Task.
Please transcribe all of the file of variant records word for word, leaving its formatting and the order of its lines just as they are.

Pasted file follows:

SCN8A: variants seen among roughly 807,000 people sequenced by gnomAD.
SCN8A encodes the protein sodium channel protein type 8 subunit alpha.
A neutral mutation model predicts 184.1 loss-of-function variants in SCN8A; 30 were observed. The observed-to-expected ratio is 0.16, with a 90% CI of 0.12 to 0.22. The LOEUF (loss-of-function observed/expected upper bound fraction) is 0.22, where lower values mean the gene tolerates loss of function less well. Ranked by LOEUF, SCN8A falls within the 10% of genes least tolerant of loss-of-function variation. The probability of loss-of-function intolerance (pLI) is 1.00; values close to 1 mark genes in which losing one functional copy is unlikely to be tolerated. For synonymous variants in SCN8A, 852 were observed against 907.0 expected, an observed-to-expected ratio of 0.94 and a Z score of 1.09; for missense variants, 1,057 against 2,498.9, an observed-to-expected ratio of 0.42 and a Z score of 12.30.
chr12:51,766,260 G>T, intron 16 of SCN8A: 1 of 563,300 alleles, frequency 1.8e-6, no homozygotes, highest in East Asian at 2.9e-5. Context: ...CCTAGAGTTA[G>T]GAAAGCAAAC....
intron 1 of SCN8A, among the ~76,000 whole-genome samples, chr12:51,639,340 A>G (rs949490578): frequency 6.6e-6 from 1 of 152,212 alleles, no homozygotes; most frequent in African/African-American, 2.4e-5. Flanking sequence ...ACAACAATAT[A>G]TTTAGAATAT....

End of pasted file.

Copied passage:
SCN8A: variants seen among roughly 807,000 people sequenced by gnomAD.
SCN8A encodes the protein sodium channel protein type 8 subunit alpha.
A neutral mutation model predicts 184.1 loss-of-function variants in SCN8A; 30 were observed. The observed-to-expected ratio is 0.16, with a 90% CI of 0.12 to 0.22. The LOEUF (loss-of-function observed/expected upper bound fraction) is 0.22, where lower values mean the gene tolerates loss of function less well. Ranked by LOEUF, SCN8A falls within the 10% of genes least tolerant of loss-of-function variation. The probability of loss-of-function intolerance (pLI) is 1.00; values close to 1 mark genes in which losing one functional copy is unlikely to be tolerated. For synonymous variants in SCN8A, 852 were observed against 907.0 expected, an observed-to-expected ratio of 0.94 and a Z score of 1.09; for missense variants, 1,057 against 2,498.9, an observed-to-expected ratio of 0.42 and a Z score of 12.30.
chr12:51,766,260 G>T, intron 16 of SCN8A: 1 of 563,300 alleles, frequency 1.8e-6, no homozygotes, highest in East Asian at 2.9e-5. Context: ...CCTAGAGTTA[G>T]GAAAGCAAAC....
intron 1 of SCN8A, among the ~76,000 whole-genome samples, chr12:51,639,340 A>G (rs949490578): frequency 6.6e-6 from 1 of 152,212 alleles, no homozygotes; most frequent in African/African-American, 2.4e-5. Flanking sequence ...ACAACAATAT[A>G]TTTAGAATAT....